(from Billboard Magazine, October 13, 2012) Traditionally, venues are not promoters. However, more and more often if a venue wants a show, it must put its own resources on the line to guarantee the show’s success.
Serving as a promoter adds additional responsibility for a venue. Once a venue has agreed to promote a show, it is no longer just the host. As a promoter, the venue becomes financially responsible for the show’s success. This proposes a major risk for the venue. Frequently, public money is at stake with publicly owned venues, even if a venue is not publicly owned, suffering a loss in revenue from a show can damage future success.
According to Apregan Group President Jeff Apregan, “Most of the venues that are buying shows and promoting in-house would consider themselves promoters of last resort.”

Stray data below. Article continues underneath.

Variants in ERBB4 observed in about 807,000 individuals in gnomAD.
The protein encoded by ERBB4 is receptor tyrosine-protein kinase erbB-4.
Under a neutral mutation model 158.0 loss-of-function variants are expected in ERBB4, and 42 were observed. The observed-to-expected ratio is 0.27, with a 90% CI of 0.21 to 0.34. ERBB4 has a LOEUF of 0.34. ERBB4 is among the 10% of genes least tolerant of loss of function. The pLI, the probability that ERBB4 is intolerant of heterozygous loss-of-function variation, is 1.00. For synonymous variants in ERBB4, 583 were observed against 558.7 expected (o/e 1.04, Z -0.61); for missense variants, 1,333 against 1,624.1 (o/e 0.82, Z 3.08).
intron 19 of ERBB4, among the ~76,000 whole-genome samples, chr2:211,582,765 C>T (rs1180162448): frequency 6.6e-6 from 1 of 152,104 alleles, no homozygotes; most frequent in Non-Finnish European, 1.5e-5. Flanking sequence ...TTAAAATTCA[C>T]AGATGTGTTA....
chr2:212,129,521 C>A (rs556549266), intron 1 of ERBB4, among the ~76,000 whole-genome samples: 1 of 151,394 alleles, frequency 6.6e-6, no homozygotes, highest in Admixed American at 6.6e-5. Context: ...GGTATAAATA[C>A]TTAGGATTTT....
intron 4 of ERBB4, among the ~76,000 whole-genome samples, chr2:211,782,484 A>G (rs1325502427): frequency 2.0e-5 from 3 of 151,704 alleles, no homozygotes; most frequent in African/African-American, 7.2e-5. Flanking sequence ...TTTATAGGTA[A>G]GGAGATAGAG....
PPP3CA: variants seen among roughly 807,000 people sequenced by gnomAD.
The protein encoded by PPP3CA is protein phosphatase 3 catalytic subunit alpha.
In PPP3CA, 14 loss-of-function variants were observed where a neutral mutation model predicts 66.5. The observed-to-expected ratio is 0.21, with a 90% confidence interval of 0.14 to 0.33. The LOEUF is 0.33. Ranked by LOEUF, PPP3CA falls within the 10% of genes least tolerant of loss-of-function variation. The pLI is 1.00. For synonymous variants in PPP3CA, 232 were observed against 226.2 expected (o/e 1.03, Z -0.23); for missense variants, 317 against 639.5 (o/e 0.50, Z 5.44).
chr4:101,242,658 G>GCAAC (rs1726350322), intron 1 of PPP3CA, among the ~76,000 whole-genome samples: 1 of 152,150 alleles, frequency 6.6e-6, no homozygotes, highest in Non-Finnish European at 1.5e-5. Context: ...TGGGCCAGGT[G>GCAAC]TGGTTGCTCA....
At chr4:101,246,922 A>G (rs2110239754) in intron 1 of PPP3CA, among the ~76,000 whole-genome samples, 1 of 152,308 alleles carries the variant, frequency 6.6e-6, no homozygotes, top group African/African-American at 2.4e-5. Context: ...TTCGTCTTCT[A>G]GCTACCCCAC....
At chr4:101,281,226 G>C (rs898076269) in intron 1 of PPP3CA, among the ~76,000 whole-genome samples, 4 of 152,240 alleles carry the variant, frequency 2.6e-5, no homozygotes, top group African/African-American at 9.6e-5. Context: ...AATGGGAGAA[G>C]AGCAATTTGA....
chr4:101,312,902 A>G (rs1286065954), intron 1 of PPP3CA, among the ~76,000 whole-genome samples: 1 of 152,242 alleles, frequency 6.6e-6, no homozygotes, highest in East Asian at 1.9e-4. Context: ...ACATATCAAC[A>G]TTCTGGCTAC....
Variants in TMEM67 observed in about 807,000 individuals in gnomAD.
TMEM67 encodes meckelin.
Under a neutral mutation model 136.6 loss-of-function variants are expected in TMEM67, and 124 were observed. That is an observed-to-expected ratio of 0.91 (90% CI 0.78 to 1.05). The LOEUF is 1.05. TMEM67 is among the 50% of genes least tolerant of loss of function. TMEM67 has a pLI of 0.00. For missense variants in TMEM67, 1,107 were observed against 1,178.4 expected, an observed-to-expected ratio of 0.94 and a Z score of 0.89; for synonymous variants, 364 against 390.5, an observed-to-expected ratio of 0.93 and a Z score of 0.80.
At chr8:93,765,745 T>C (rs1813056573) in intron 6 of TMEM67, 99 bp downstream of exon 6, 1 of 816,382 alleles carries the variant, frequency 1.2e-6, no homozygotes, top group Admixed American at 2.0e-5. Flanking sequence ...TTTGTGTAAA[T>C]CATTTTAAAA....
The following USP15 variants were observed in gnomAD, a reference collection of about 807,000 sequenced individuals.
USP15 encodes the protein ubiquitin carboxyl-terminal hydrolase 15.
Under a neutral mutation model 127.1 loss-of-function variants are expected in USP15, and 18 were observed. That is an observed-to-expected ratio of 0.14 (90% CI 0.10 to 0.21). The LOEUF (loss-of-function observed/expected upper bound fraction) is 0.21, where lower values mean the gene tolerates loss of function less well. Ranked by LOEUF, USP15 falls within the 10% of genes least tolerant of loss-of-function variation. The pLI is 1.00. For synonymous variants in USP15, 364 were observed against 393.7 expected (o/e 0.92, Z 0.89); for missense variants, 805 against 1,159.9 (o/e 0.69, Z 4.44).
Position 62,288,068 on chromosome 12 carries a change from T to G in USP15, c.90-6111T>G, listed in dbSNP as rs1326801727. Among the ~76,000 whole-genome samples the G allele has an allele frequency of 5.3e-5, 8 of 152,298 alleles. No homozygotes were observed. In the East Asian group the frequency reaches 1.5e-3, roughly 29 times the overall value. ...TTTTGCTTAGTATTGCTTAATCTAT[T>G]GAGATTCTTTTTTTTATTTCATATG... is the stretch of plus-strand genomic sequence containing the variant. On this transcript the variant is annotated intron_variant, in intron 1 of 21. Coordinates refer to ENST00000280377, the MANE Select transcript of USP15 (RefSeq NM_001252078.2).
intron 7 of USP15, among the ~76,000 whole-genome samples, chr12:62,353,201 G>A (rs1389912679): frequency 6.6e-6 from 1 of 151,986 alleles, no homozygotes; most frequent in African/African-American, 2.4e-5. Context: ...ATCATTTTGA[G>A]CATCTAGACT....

Although venues would like to steer clear from serving as the promoter, the harsh reality is when facing to many dark nights, venue management must step up and find ways to fill the venue. This is especially true for venues outside the major markets or in cities with more than one similarly sized venue.
Money is a major consideration for a venue when deciding to promote a show, but it not the only consideration. Venues must also take into consideration how the show is serving the needs of the community.
The good news is there are ways for venues to protect their assets before making a deal they might regret. Venue management should do thorough research before considering a deal for a show. “Deals need to make sense,” Apregan says. Venues must evaluate the risk before making a deal, and determine if the risk lies in favor of the venue.
The bottom line is all venues should have a useful set of tools at their disposal when deciding to promote a show.